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Tuesday, April 28, 2009

Barren Advice: Thirty-Eight

This is the 38th installment of Barren Advice. You can ask questions that are fertility or non-fertility related.

Barren Advice is posted each Tuesday-ish. If you have your own question for Barren Advice, click here to learn how to submit. Please weigh in with your own thoughts in the comment section and indicate which question you're addressing if there are multiple questions in the post.

Dear Mel:

My friend told me about your blog and I decided to write you with my dilemma even though it is not infertility related.

A while back, I went through a divorce. There was no big drama. We had simply grown apart until we weren't communicating at all and I realized it would be better to be alone with myself than to feel alone in the relationship. Since the divorce, I have dated a bit, though the relationships have sort of made me look at how much I miss my first husband. We recently got back in touch and though we're in the initial stages of talking, some information has surfaced that makes me think that we made a mistake. At the time. we were both unwilling to go through marital counseling. I think we'd both embrace the idea now.

I guess my question is what do you think of giving people second chances and how do I tell people in our life (friends and family) that we want to try again when they helped me emotionally through the divorce and will probably see this as a step back rather than a step forward?


Giving second chances is sort of like shopping. Whenever I'm in a store and I have the impulse to buy something, I ask myself two questions: do I need it and what does it cost? And you can apply those two questions to this situation as well. Do you need it--meaning, what do you get out of being with him and is it worth taking him into your life. If you can point to the benefits of having him around--and those benefits can only be determined by you--then he needs to move on to that second question: what does it cost?

Since you don't mention anything that would warrant paying the price of self-esteem (if he was belittling) or safety (if he was dangerous), is sounds like the largest cost will be pride. You touched on that with the second part of your question: how do you tell friends and family who are going to pass judgment if you return to the relationship.

But here's the thing about pride--it's sort of the same thing as money. People think they need to have a lot of it, and they horde it, and they refuse to spend it even if it could possibly get them more pride down the road (I swear, I'm going somewhere with this analogy). But in the end, what is pride? What is money? We assign it worth, but does pride keep you company or make you laugh? There is a difference between setting limits that protect your heart or taking a stand on what matters to you.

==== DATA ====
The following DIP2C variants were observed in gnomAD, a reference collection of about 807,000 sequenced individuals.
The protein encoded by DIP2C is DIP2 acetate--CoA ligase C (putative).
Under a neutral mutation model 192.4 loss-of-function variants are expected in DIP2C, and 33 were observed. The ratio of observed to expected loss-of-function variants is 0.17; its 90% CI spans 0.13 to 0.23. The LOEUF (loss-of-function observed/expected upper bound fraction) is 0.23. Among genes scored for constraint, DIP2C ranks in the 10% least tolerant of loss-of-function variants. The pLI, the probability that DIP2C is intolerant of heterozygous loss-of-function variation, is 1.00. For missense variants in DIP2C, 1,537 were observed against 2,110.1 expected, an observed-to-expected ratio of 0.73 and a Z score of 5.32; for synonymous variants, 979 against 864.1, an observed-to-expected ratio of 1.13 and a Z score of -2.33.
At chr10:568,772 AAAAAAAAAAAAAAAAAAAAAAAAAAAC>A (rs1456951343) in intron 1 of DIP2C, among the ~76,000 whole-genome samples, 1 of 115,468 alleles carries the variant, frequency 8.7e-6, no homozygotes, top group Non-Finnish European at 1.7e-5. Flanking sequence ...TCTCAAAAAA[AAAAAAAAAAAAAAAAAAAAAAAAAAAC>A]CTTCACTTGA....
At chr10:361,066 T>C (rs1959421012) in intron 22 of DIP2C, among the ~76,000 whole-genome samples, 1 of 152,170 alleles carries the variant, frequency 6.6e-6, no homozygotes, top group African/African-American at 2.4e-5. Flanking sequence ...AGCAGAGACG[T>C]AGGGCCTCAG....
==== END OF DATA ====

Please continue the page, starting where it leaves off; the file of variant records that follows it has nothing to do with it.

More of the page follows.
Is it hard to swallow your pride and put your heart out there again after it's been trampled on? Most certainly. But based on your question, I am guessing that you see a worth to putting yourself out there again and the damn tether that is holding you back from leaping off the edge and trusting that either something good will happen or you'll still be able to fly away again if your needs are not met, is pride. A desire to not look like a fool or love someone more than they love you or to be embarrassed when friends and family pass judgment on your choices. Pride is only beneficial when it's protecting your boundaries rather than locking you in.

If you do decide he would make a great addition to your life again and he's worth the cost (because he's got to be both--he can't look pretty in the living room and be out of your price range nor can he be clutter who is also too cheap to remain in one piece after three uses), I would give the information as matter-of-fact as possible because I think many times, the people who are on the fence will follow the underlying message they get from the way you tell the information. If you're apologetic, they will pick up on it and take away the message that you think there is something wrong with this so perhaps they should think there is something wrong with this too.

So say it confidently. Write it in an email if you don't think you'll be able to get it out of your mouth in a phone conversation or over the dinner table. Tell them that life has a funny way of coming full circle and you're lucky enough to have found each other for a second chance. You can admit that the news may be a bit shocking if they weren't expecting it and you may want to fill them in on how you connected again. But make sure you keep it light, have it reflect how you feel.